|Evil painting targeting its next victim.|
With The Devil’s Candy premiering tonight, we thought it would be a good time to profile evil paintings. Well, mostly evil. Some trap people forever or foreshadow some doom. But Some of these are portraits that possessed men or obsessed men use as references when trying to restore their lost loves.
I myself would like a creepy ancestral portrait painted in a Modern or Expressionist style above my fireplace or in the vestibule of my home when I greet weary travelers candelabra in hand.
“No, I hadn’t noticed the resemblance before, but now that you mention it,” I’ll say. “Yes, Remarkable. Quite uncanny.”
And perhaps you will be that poor traveler whose car veered off the road in the storm. And perhaps you’ll be unsettled by the portrait, how much it resembles you or me or your partner–any of which always turn out to be bad in these films.
The Picture of Dorian Gray (1945)
This is Albert Lewin’s adaption of Oscar Wilde’s story of a man who remains young and handsome, unmarked by his sins as long as portrait carries them. Meanwhile, chickenhawk Lord Henry Wotton tries to seduce Dorian (Hurd Hatfield). into a life of sin and pleasure, though it’s mostly drinking and jerkitude on the screen. Cause 1945. There’s also a “love interest” played by Donna Reed, but, you know. 1945. Shot in black and white, Lewin used the most lurid color in revealing the portrait Dorian keeps in his attic to hide the vileness of his soul.
Incidentally, you can see the picture at the Art Institute of Chicago.
The Haunted Palace (1963)
In Roger Corman’s Edgar Allan Poe’s H.P. Lovecraft’s The Haunted Palace, Charles Dexter Ward is struck by the similarity a portrait of his great-great-grandfather above the fireplace in the ancestral castle he has inherited. The more he stares at the portrait, the more familiar the place seems and the jerkier he is to his wife, Anne, who, understandably would like to live anywhere but in the creepy house where her husband is becoming possessed by the soul of his ancestor and the entire town of mutant Lovecraftian townsfolk despise them both for a past injustice. Really more of a supernatural/interdimensional atrocity than in injustice.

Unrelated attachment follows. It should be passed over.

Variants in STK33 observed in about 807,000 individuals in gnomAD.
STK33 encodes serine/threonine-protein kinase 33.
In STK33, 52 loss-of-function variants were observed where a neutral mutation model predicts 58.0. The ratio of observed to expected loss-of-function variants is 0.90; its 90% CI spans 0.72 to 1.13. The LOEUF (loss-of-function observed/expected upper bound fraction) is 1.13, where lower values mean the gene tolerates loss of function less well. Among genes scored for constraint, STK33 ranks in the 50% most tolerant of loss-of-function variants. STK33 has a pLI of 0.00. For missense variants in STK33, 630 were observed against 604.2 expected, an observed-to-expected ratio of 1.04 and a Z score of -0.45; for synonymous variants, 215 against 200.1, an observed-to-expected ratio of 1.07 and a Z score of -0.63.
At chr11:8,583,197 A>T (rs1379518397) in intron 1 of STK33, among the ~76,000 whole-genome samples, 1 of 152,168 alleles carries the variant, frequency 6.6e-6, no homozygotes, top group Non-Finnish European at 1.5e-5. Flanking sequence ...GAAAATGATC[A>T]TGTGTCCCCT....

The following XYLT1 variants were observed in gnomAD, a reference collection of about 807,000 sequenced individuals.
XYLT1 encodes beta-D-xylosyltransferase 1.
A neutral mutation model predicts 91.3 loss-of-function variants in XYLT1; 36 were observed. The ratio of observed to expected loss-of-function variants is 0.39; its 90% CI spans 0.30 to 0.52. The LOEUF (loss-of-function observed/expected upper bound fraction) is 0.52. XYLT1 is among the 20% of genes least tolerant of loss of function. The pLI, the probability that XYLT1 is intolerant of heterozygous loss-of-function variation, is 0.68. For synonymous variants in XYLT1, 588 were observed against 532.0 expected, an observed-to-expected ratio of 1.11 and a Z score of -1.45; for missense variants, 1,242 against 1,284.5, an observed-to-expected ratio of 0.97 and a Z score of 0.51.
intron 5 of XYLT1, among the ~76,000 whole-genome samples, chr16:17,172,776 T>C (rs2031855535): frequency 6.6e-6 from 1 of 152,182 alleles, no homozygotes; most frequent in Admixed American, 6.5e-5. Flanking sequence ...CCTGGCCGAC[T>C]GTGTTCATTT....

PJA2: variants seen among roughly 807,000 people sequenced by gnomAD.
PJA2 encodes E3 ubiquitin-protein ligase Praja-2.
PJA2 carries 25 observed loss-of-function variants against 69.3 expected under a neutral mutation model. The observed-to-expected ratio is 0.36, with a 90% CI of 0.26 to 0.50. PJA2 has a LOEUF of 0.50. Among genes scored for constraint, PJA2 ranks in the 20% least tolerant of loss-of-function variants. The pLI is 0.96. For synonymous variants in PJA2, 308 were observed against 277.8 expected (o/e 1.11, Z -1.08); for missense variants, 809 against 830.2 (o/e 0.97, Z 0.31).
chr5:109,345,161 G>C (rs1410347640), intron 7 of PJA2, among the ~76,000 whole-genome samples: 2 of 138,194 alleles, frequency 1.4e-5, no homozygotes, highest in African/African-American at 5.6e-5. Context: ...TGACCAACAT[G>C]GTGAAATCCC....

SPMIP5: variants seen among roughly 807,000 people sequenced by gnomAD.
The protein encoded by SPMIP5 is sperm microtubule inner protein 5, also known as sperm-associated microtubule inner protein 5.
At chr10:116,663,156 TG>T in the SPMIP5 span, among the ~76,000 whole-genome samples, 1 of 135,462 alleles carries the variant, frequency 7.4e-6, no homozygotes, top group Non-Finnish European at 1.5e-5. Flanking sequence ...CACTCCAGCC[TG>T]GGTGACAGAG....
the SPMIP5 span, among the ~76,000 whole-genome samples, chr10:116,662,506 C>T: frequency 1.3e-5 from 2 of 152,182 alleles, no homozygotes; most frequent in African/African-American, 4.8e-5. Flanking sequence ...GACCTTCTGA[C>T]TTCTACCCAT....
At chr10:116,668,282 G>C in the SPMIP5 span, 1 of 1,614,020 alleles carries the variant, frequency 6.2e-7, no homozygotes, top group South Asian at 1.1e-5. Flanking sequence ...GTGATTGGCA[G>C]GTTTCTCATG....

The Raven (1963)
So this isn’t really an evil painting. And The Raven is far more light-hearted than The Haunted Palace. But I really love the Modigliani-inspired painting of the lost Lenore. I am very fond of all the charmingly anachronistic paintings and portraits American International Pictures used in their films with Vincent Price.
Manos the Hands of Fate (1966)
While the painting of the Master and his hell hounds doesn’t play a central role in the plot, it certainly plays a central role in the set design. And it is a pretty remarkable piece of work in a film that is at best probably understood as a fever dream. Look at that glower. That is a fine glower.
Portrait of Hell (1969)
Tatsuya Nakadai plays a Korean painter named, Yoshihide, who’s been hired by the jerkiest of lords, Horikawa (Kinnosuke Nakamura), to paint screens for a temple Horikawa has commissioned. Yoshihide agrees provided he can paint one screen that depicts Hell, since basically that’s all he sees in Yoshihide’s domain. Yoshihide is such a great painter that they seem to capture life–and death–and hell.
|Yeah, that’s totally it. Got it in one. Jerk.|
And there is of course, Night Gallery, Rod Serlings’ 1970s horror anthology show, in which each storyline was represented by a painting in Rod’s gallery of twisted tales. Several involved paintings. In the pilot, Roddy MacDowells inherits his uncle’s house and is haunted by a painting that seems to change. In fact, it seems so show, in stages, Roddy’s uncle crawling out of his grave and walking toward the house. (This episode also stars Midnight Madness alumnus Ossie Davis (Bubba Ho-tep)). In that same pilot episode, a Nazi war criminal tries to take refuge in a painting of a lovely fishing scene, but unfortunately enters the wrong painting. And it turns out to be a pretty good punishment, I don’t know if it would satisfy the Hague, but it’s pretty good.
In Boris Karloff’s Thriller, there are a couple of episodes about paintings where no one enters or is possessed by a painting. In the episode, “The Devil’s Ticket,”* an artist makes a deal with the devil. He pawns his soul for success and all he has to do is paint a portrait of the person whose soul he’ll give the Devil to get his own out of hawk. In the “Grim Reaper,” a woman buys a lovely painting of Death looking all stylish, but notices people are dying and for some reason there is blood on Death’s scythe. Oh, and “Grim Reaper” just happens to star William Shatner, who I am declaring an Honorary Midnight Madness Alumnus. Also, Tatsuya Nakadai. Because, Seriously.
*Remember, the Devil’s Ticket is redeemable for your choice of the Devil’s candy, popcorn and one 16oz beverage of your choice. [The Midnight Madness Blog would like to remind you that there are no food or beverages allowed in Ryerson. Also, don’t exchange people’s souls for candy, popcorn and your choice of beverage. ~ Ed.]
Incidentally, we’ve found a collection of the paintings from the television show, Night Gallery. (Including the painting at the beginning of this post. Please enjoy while you wait for The Devil’s Candy to bring the Madness tonight! Just, you know, don’t walk into the movie or the painting in the movie. Just be cautious with art. Enjoy responsibly.
|Vincent Price, demonstrating the proper way to appreciate art.|
THE DEVIL’S CANDY Screening Times:
Sun, Sept 13, 11:59 PM RYERSON
Tue, Sept 15, 6:45 PM SCOTIABANK 9
Sat, Sept 19, 1:15 PM SCOTIABANK 14
This post originally appeared on the official blog of the Midnight Madness program at TIFF.